Key of Sea (10 Year Special Edition)
2017 / Tickled Ivory Music
Review by Michael Debbage
Back in 2006’s this reviewer was so late to the party of newcomer Jennifer Thomas’ impressive debut recording the Key Of Sea. Well ten years later that will be rectified as while Thomas has taken the time to revisit, revitalize and resurrect her already remarkable debut release it is time for that same tardy reviewer to timely revamp and repost his review. Simply put the impressive cross pollinating experimental and intriguing but also exquisite and invigorating album has been even more improved upon with its remastered sound plus four bold bonus tracks. So much so that the beautiful warmth to the music and enthralling melodies of Thomas’ maiden voyage that caught us by surprise 10 years ago will have you falling in love with the music all over again.
So what is the special in this 10 Year Special Edition? It has been affirmed with Thomas that the original tracks have been remastered with the volume levels raised with a little reverb to aim more for a concert-hall atmosphere instead of a living room ambience. In addition, the vocal track “O Mio Babbino Caro” was not included and the original lightly orchestrated “Somewhere” was replaced with a stripped back solo performance. The inclusion of the original would have been preferred with the solo version included as a bonus track but that is about the only complaint about this essentially ideal debut’s enhanced edition.
As for the original album the original compositions are interwoven with adaptations of other composers though personalized by Jennifer with her own variation of the theme. In fact, the album begins with one such arrangement via her take on MacDowell‘s Piano Concerto No.2 courtesy of her interpretation entitled “A Beautiful Storm”. The song begins slowly as Jennifer continues to work the entire range of her piano, complimented by sweeping orchestrated strings. The song is moody and intense and is a very impressive opener. Equally as remarkable is her interpretation of J.S. Bach “Cello Suite No.1 in G Major” courtesy of "Suite Dreams." This song also features fellow artist and mother Carolyn Southworth on violin and it is utterly breathtaking. Turn up the volume to fully enjoy this beauty.
But Key Of Sea is not just about Jennifer’s interpretations of someone else’s music. Pay close attention to her own compositions and you will quickly note her gift of composing her own material. Skip forward to “Will’s Song” that is both reflective and rambunctious with its delicate piano work countered by her colorful orchestrated string arrangements. Equal to the task are the extraordinary “Old Movie Romance” and “Pure” that focus more on Jennifer’s top draw piano work that is skillful, precise yet fluid and warm. Much like her peer William Joseph, she has the keen sense and ability to present her gift of playing with a sense of warm affection and adventure. This is best heard on the thunderous “The Tempest”, though at times its seductive qualities would suggest renaming it “The Temptress”. Either way the results are sensually sumptuous.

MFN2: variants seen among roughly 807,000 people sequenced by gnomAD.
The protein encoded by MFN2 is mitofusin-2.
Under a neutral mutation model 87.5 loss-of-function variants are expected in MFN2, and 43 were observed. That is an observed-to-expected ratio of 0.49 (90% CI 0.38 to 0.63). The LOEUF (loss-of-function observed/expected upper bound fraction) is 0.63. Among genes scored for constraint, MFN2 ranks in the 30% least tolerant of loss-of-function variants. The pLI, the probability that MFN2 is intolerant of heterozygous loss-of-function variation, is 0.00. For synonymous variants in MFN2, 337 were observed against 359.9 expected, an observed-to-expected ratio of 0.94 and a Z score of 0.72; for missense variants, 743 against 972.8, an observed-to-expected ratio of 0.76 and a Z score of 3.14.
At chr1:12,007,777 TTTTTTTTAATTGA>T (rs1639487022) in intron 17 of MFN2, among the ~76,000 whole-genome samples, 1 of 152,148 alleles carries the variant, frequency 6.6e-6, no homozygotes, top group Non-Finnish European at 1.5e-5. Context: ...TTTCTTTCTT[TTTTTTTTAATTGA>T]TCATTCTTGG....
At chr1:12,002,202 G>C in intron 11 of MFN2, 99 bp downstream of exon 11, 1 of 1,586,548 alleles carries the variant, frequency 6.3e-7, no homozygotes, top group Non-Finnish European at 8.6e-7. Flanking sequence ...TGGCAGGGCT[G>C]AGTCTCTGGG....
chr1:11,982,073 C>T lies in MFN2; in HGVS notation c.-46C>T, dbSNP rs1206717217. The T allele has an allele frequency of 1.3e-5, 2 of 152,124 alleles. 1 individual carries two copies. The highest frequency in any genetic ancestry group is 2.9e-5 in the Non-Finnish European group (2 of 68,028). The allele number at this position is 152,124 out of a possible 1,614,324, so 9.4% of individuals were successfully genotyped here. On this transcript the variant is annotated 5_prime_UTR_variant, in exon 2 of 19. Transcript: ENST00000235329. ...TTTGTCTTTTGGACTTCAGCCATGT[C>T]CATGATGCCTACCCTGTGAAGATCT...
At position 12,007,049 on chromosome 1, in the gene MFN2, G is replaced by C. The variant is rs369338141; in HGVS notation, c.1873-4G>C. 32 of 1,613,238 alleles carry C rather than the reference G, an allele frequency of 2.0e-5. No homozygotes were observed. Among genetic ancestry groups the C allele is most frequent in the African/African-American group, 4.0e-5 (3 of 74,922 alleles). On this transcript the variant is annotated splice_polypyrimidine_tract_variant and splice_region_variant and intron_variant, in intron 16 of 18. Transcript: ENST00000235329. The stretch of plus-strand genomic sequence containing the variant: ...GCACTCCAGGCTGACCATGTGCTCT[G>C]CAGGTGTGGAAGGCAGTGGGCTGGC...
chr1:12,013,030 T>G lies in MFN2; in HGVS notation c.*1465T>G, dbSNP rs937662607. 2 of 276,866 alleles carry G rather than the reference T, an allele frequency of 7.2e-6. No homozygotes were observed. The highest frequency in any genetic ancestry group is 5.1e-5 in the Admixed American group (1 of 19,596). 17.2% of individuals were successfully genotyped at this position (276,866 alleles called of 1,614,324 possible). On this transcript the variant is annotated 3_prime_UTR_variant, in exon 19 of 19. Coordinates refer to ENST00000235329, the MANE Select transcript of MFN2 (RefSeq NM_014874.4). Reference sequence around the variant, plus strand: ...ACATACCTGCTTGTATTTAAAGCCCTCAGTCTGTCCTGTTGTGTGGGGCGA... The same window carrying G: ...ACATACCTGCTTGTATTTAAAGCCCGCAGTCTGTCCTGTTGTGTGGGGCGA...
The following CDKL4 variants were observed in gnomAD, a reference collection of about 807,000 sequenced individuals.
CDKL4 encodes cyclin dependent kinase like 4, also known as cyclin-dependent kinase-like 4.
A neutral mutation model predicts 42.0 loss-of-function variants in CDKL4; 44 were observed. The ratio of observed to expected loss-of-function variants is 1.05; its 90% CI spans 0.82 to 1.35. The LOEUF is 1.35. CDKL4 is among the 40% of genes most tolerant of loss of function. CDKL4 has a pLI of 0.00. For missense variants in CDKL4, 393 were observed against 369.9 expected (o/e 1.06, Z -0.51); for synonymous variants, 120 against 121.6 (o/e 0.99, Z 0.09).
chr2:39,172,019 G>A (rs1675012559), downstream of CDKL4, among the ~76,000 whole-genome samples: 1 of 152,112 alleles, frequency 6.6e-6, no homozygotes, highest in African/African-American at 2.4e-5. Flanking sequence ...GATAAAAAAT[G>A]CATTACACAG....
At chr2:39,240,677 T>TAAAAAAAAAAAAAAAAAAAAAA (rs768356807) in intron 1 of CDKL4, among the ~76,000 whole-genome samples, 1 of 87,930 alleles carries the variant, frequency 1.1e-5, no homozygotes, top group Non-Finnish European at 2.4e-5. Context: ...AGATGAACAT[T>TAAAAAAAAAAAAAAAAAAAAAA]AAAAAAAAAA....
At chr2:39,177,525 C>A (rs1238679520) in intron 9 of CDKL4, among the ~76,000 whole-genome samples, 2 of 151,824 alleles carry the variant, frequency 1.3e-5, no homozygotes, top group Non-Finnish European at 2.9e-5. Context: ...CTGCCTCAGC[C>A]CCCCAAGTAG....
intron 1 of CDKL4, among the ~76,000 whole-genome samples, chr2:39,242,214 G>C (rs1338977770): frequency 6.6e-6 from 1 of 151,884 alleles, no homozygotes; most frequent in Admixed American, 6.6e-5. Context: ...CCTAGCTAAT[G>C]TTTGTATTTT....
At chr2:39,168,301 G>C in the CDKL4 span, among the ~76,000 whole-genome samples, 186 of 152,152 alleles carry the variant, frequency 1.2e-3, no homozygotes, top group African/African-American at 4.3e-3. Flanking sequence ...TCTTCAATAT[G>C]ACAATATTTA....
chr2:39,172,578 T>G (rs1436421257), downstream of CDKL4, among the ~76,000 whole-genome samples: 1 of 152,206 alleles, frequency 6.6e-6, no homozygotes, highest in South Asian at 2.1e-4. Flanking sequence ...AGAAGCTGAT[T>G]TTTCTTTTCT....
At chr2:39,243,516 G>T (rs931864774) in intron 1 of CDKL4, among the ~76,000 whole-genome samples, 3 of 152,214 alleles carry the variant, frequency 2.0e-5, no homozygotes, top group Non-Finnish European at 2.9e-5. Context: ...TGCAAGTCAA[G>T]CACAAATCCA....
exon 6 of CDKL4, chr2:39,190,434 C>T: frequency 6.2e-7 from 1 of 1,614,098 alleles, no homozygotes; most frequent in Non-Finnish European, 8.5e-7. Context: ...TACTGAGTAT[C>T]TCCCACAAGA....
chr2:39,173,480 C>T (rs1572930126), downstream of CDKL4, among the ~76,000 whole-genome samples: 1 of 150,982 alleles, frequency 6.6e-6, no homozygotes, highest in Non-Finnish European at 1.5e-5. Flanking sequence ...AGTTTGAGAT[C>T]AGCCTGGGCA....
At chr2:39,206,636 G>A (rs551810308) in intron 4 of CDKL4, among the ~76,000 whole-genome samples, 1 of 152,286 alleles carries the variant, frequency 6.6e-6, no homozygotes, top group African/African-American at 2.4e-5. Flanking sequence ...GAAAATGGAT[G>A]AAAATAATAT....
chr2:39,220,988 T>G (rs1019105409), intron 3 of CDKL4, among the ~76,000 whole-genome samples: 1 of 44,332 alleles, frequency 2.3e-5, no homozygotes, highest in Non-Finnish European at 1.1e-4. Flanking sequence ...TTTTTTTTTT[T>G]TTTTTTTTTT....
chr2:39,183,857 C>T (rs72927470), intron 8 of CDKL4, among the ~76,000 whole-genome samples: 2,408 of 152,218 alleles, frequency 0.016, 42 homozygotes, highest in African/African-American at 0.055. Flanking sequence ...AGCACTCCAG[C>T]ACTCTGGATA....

As for the four bonus tracks at the end they are extended, reorchestrated and/or remixed. Of the four tracks, “Release” features the greatest makeover with Glen Gabriel adding his orchestration magic. However, the makeovers on “The Tempest” and “A Beautiful Storm” are equally big and bold transitions. On the latter the syncopation of the percussion with the melody certainly brings home musically the visions of a storm's lightning and slightly delayed majestic thunder.
Jennifer Thomas’ debut album, from the sleeve photography, production to the astonishing musical contents, was more in line with a veteran who had been creating music for years. That reviewer who was late to the party predicted many more brilliant musical moments from this relatively newcomer Jennifer Thomas. And needless to say she has completely delivered to date. For those of you that missed the debut then don’t be late to the party this time. Those of you that have already been to the dance and are wondering whether or not to resist this new rendition open your wallet now….it is worth every penny!!!
October 28, 2017
Review by Kathy Parsons
with Carolyn Southworth
Review by Michael Debbage